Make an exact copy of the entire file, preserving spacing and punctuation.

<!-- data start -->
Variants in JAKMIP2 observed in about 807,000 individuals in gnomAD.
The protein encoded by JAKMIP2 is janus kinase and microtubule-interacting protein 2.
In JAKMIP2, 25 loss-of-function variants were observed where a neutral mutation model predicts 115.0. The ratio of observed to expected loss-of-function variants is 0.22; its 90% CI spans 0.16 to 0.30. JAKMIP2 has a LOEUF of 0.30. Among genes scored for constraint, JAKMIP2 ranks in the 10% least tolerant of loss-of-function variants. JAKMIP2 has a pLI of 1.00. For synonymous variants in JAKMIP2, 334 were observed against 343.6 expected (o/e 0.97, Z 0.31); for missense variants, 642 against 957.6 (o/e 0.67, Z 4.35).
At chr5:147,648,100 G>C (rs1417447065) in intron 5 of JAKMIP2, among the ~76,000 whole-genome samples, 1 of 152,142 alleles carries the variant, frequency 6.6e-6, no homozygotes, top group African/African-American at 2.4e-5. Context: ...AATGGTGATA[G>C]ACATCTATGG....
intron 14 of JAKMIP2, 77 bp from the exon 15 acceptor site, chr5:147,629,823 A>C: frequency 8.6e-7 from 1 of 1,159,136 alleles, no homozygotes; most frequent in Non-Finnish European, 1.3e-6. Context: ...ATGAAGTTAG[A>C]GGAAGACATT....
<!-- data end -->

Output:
Variants in JAKMIP2 observed in about 807,000 individuals in gnomAD.
The protein encoded by JAKMIP2 is janus kinase and microtubule-interacting protein 2.
In JAKMIP2, 25 loss-of-function variants were observed where a neutral mutation model predicts 115.0. The ratio of observed to expected loss-of-function variants is 0.22; its 90% CI spans 0.16 to 0.30. JAKMIP2 has a LOEUF of 0.30. Among genes scored for constraint, JAKMIP2 ranks in the 10% least tolerant of loss-of-function variants. JAKMIP2 has a pLI of 1.00. For synonymous variants in JAKMIP2, 334 were observed against 343.6 expected (o/e 0.97, Z 0.31); for missense variants, 642 against 957.6 (o/e 0.67, Z 4.35).
At chr5:147,648,100 G>C (rs1417447065) in intron 5 of JAKMIP2, among the ~76,000 whole-genome samples, 1 of 152,142 alleles carries the variant, frequency 6.6e-6, no homozygotes, top group African/African-American at 2.4e-5. Context: ...AATGGTGATA[G>C]ACATCTATGG....
intron 14 of JAKMIP2, 77 bp from the exon 15 acceptor site, chr5:147,629,823 A>C: frequency 8.6e-7 from 1 of 1,159,136 alleles, no homozygotes; most frequent in Non-Finnish European, 1.3e-6. Context: ...ATGAAGTTAG[A>C]GGAAGACATT....